But it is the memorable line, " I sound like a slave to you?" uttered in the midst of that deception that most powerfully resonates Tarantino's construction of Django's literacy as a weapon. It is a line that I've found myself repeating over and over again after watching the film.

Tarantino's film not only returns historical agency to the African American warrior maroon as the central agent in the struggle for freedom, but he also gives agency to the enslaved in maintenance of the system of slavery. The house negro is generally an easy target in the critique of slavery, but Samuel L. Jackson's nuanced portrayal of Calvin Candie's house slave Stephen locates the maintenance and survivability of the peculiar institution on the complicit and profoundly invested shoulders of enslaved persons. Stephen, who feigns a limp and enjoys many of the privileges of the house, including the freedom to drink his master's brandy in his posh sitting room, is presented as a co-conspirator who sheds self-interested tears upon the death of his master. He attempts to remind his master that "niggers" cannot sleep in any of the rooms of the big house and ultimately reveals his suspicions as to the true motives of Dr. King Schultz and Django. In spite of the ultimately horrific consequences of this confession for Calvin Candie, his family, and his property, Stephen is presented as a catalyst and an active player in the maintenance of Candyland. He is more than a mere house slave, he is an absolutely indispensable co-conspirator.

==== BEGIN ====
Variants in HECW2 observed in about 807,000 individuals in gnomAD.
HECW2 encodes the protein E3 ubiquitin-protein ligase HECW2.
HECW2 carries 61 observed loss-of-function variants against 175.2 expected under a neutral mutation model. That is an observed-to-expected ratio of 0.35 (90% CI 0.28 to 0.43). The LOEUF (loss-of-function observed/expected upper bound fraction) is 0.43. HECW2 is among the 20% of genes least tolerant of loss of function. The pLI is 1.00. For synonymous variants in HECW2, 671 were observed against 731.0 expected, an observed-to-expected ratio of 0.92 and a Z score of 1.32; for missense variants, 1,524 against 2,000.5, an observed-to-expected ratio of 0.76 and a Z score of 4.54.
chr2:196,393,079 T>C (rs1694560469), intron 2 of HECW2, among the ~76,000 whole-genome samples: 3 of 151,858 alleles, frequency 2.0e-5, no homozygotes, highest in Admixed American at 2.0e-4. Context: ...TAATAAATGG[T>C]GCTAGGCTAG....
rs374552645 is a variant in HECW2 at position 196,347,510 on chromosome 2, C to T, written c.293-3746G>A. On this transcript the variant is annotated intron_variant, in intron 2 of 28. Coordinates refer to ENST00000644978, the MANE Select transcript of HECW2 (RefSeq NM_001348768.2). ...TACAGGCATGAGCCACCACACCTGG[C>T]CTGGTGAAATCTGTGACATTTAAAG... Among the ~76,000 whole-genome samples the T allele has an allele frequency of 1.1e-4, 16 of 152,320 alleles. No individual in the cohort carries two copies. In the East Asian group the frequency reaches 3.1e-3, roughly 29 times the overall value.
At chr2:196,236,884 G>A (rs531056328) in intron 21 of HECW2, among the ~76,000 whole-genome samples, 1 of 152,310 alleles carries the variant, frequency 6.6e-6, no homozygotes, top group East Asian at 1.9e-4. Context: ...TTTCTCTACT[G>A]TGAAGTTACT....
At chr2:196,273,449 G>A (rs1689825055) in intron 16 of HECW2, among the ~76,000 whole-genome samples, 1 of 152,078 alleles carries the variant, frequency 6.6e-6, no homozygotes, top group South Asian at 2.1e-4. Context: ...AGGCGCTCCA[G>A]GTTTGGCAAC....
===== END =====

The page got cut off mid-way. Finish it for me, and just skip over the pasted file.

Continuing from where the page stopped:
Much has been made of tonal comparisons between Steven Spielberg's Lincoln and Tarantino's Django Unchained. Speilberg's Lincoln is pious and reverential of the period. Tarantino's Django Unchained is irreverent and mocks the Southern planter classes.  

But the humor of Django Unchained is the comedy of abjection, eliciting audiences to laugh at the very fact that they find themselves laughing at a movie whose subject matter is slavery. It's the laughter we all experience when we find ourselves laughing at socially awkward and uncomfortable situations. It's the kind of laughter that the great stand-up comedians of the 1950s and early '60s like Lenny Bruce and Dick Gregory drew from us when talking about racism and religion and sexuality in an era of repression and racial segregation. It's the kind of laughter that has long been the perfect vehicle for social commentary. And interestingly, in spite of the relative piety of Lincoln, the script is riddled with far more historical inaccuracies - the greatest of which is the absence of Frederick Douglass as Lincoln's true voice of conscience- than even the fictional Django.

In fact, Tarantino's brief historical inaccuracies can be forgiven as a necessary evil for ridiculing the southern planter class and the system of slavery itself. For example, his depiction of the Ku Klux Klan, or at least a proto-Klan posse led by Spencer "Big Daddy" Bennett (Don Johnson), is historically misplaced, since the KKK was largely a child of the Reconstruction era. But the sight gag of poorly cut eyeholes for the flour sacks that members of the posse wear allows a powerful and reaffirming laugh at the white southern underclass who have bought into the ideology of white supremacy without being able to lay claim to any of its material spoils. This is but the first of many such critiques of the complicity of the southern white poor.

In light of the historic presentation of African American insurrectionist agency -as well as house negro agency- controversies surrounding the film (e.g. Tarantino's use of the word "nigger" over 110 times in the film) are misplaced. Spike Lee was among the first to rebuke the film, albeit without having seen it: "I can't speak on it 'cause I'm not gonna see it...all I'm going to say is that its disrespectful to my ancestors. That's just me...I'm not speaking on behalf of anyone else."  He subsequently tweeted, "American slavery was not a Sergio Leone Spaghetti Western. It was a Holocaust. My ancestors are slaves stolen from Africa. I will honor them."

As much as I revere Spike Lee's work, I beg to differ. Wherever the agency of ancestors is invoked, particularly with respect to their struggle for freedom, my ancestors have been honored and represented.